Dur­ing

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my many years with

the mo­tor­cy­cle in­dus­try, I have been re­quired to be, whether for a few days or sev­eral years, in a lot of very dif­fer­ent lo­ca­tions. Get­ting there has some­times been chal­leng­ing, and get­ting back oc­ca­sion­ally more so. And as I’ve usu­ally been im­mersed alone into an en­vi­ron­ment where nei­ther the lan­guage nor the cul­ture was fa­mil­iar, the in­ter­ven­ing times have also pro­vided some in­ter­est­ing mo­ments.

It was said that an English­man abroad re­quires just two phrases: “Do you speak English?”, and if that fails, “Then fetch me some­one who can”. In th­ese post-colo­nial times, the re­al­ity now in­volves a lot of fa­cial an­i­ma­tion and ges­tic­u­la­tion, but usu­ally I’ve man­aged to make my­self un­der­stood, if some­times at the cost of my dig­nity.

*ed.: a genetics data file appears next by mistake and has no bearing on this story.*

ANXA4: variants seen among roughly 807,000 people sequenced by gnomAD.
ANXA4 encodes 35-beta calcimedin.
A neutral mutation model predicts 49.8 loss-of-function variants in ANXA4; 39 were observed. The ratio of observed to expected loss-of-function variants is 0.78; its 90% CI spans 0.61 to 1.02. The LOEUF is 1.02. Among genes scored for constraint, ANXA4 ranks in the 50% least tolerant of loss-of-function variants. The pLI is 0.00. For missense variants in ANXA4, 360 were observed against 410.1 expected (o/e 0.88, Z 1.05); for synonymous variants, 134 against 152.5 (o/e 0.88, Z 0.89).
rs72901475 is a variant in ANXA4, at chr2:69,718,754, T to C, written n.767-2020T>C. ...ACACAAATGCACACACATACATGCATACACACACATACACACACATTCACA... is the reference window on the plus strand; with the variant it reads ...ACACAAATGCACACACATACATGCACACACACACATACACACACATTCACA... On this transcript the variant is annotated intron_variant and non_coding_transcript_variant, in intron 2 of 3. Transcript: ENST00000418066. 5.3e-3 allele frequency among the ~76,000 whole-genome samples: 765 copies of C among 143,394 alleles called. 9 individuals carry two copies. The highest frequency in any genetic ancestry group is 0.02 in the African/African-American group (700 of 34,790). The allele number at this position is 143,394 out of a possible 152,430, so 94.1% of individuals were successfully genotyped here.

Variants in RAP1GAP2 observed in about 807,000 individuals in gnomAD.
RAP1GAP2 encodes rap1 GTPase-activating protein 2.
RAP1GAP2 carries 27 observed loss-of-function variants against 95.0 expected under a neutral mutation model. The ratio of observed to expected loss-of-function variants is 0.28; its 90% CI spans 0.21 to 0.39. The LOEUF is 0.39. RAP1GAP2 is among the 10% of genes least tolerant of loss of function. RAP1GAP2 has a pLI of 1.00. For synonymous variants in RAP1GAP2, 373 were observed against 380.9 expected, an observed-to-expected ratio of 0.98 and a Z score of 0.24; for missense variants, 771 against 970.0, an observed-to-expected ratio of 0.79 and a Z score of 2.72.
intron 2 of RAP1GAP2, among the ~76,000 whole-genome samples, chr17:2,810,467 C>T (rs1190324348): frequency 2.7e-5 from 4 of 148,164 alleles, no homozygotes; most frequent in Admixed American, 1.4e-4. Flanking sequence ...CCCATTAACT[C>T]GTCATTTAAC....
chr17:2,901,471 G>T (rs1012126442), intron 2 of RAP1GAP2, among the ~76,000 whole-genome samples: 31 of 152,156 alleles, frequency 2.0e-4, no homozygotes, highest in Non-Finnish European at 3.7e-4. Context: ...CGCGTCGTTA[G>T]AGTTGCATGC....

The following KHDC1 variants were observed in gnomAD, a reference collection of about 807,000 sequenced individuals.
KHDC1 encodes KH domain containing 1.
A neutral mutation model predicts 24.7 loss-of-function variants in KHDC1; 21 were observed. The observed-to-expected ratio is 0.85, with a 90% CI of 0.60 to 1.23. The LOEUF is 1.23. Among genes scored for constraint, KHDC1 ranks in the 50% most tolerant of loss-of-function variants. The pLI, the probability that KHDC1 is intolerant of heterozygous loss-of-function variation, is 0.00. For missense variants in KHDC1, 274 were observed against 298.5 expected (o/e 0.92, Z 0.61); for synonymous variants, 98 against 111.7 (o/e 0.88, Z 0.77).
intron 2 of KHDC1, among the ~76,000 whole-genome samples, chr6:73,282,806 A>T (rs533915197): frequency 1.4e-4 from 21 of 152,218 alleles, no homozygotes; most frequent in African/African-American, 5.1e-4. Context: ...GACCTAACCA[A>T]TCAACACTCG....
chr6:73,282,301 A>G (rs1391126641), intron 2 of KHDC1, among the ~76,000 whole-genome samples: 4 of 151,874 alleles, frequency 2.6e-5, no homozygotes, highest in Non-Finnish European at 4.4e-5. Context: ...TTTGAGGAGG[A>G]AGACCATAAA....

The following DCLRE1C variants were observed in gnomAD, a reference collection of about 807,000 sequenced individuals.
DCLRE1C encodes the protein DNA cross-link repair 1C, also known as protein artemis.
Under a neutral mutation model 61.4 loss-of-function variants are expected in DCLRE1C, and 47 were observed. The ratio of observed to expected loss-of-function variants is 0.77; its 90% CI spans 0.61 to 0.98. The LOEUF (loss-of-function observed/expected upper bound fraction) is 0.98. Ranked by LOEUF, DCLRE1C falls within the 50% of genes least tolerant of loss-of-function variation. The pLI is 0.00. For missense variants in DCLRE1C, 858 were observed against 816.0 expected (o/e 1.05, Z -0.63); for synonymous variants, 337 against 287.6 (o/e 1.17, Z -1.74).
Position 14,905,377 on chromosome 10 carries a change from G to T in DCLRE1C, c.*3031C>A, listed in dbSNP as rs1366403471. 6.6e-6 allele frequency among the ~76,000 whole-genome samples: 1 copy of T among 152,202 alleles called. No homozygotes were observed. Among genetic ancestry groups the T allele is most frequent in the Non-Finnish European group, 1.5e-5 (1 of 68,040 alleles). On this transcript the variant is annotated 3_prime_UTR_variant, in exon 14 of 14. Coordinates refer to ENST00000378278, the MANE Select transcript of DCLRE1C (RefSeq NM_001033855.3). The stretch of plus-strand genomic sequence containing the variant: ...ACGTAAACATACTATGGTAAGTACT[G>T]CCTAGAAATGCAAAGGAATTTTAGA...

The fact that I started work with BMW on April Fool’s Day, 1982, should have been omi­nous in it­self. My ar­rival co­in­cided with the Mu­nich fash­ion show, and all the ho­tels were fully booked, so my first night in that city was spent on a wooden bench in­side the air­port. A po­lice­man prod­ded me with a gun around 2.00 am, say­ing that they were about to close for the

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